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I've Never Been Sexually Harassed Less Than in Parliament

13/10/2014 17:18 BST | Updated 13/12/2014 10:59 GMT

To the outside observer, Parliament is supposedly a hothouse of sexual harassment, lewd antics and predatory behaviour. Young researchers can't walk down the corridors of power without being propositioned by those who hold the future of their very careers in their groping hands.

As a female aide in my mid-twenties with political ambitions of my own you would be forgiven for assuming that my two years in the Commons have been fraught with unwelcome advances and uncomfortable propositions. Indeed, it's in the name of young women like myself that Brooks Newmark was deliberately lured into the virtual 'relationship' that has led to his eventual resignation.

And I'm disgusted. But I'm not disgusted at Newmark, whose behaviour with supposedly consenting adults is his business, and does not merit being splashed across red tops. I'm disgusted at the despicable 'journalism' that was carried out in my supposed interest.

Because the truth is, I have never experienced less harassment than I have in Parliament. I have no doubt that others have had less positive experiences, but - without offering any excuse for them, because I don't - they are not scenarios that are not replicated in almost every other context.

As a sixteen year old schoolgirl, I was the recipient of multiple inappropriate comments and approaches from teachers. As a financial journalist fresh from university, I had married men proposition me. At one business dinner, I was asked by the compère - in front of the rest of the group, who bar one other female were all older male banking professionals - to "give us a Meg Ryan moment" and fake an orgasm for the room to show my appreciation for the whisky we were served. Ladies and gentlemen of the jury, I declined.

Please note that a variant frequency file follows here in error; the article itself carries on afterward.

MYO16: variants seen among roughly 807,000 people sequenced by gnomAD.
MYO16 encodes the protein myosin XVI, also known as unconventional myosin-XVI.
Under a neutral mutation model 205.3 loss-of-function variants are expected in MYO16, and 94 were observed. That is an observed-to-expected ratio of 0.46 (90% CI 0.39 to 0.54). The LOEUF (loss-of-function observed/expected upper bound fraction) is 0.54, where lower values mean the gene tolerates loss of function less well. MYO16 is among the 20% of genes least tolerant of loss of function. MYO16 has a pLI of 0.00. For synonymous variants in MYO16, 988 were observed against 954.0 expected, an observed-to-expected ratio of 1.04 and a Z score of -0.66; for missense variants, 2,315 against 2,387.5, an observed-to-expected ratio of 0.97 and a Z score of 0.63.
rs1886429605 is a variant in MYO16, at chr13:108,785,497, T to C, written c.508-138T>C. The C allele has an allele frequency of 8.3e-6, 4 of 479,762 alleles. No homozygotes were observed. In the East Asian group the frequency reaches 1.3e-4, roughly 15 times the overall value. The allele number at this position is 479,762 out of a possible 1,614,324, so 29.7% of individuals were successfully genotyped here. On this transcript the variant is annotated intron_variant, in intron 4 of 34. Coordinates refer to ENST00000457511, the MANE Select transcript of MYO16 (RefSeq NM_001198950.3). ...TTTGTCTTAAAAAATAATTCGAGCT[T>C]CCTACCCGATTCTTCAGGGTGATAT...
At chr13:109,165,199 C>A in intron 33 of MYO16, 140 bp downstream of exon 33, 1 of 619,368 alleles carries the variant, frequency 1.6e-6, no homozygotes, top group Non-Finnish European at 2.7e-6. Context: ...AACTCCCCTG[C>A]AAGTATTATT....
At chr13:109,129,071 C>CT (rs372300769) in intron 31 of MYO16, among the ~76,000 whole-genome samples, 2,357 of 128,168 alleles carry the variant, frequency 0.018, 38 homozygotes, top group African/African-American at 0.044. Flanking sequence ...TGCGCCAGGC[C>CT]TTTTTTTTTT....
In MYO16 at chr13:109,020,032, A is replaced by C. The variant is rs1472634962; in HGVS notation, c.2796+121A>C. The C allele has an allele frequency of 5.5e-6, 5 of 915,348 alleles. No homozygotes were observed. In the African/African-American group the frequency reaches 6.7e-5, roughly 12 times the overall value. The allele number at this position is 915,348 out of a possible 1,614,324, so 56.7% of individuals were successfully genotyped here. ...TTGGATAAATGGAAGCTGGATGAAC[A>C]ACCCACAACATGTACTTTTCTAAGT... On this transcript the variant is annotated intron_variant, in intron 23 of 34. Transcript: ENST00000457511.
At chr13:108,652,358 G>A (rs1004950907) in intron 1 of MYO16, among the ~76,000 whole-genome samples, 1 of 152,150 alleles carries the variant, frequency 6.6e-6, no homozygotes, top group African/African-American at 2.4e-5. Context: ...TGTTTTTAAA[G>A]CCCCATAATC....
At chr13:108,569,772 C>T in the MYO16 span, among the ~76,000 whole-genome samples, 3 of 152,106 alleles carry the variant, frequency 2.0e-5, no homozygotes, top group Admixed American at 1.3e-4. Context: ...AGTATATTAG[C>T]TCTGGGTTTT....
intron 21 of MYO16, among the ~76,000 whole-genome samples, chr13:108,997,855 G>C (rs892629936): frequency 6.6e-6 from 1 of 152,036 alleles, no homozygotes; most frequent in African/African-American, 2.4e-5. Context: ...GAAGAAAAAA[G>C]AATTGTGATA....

In my two years in the Commons, I have had none of this. Some others have been treated badly, and, again, there is no excusing that, but to suggest that it is worse than many other workplaces is a fallacy.

The Brooks Newmark sting also shows a complete misunderstanding of the nature of the relationship between younger females and older males, whether in the political world or any other. It is simply wrong to assume that the predatory half of any one coupling must always be the powerful man. Young females are well aware of the potent effect that their sexuality can have on the vintage male, and the control that this can exert. We can be as single-minded in our pursuit of a conquest as anyone else. There is little doubt that 'Sophie Wittams' was the predator in this case, and to suggest that Newmark was chosen because of his proclivities ignores the fact that others were unsuccessfully targeted too.

Numerous people have questioned how Newmark could possibly have thought a younger female could be sexually interested in him. Again, this makes assumptions that have little basis in reality. History is littered with couples - Arthur Miller and Marilyn Monroe, Aristotle Onassis and Jackie Kennedy - with a significant age differential. The truth is, some of us would rather go to bed with an Oxford mind than a David Lloyd six-pack. Henry Kissinger was never more right than when he said, "Power is the great aphrodisiac."

A female in her twenties who instigates a relationship with an older male, or accepts the advances he makes upon her, does so knowing that she has a choice. To suggest that young women feel forced to enter sexual relations in order to advance their careers is incorrect and, frankly, patronising. We are old enough and wise enough to know that we can open doors by opening our legs, but also to recognise that there are plenty of women who have got to where we want to be, as quickly, without doing so.

Brooks Newmark is not a bad man. He adds much to the Commons and to politics in general, and it is a great shame that he is retiring under these circumstances. Women2Win, the organisation which he helped to set up to encourage more women to stand for Parliament, has helped me and hundreds of other women to embark upon a complex career path, and it is entirely wrong that those years of good work should be deleted from the public consciousness because of a private indiscretion.

And that's the sort of help that we, as young women, welcome - so much more than we welcome honey-trap operations being carried out by those who patronisingly assume we cannot navigate ambitious workplaces and consenting adult relationships by ourselves.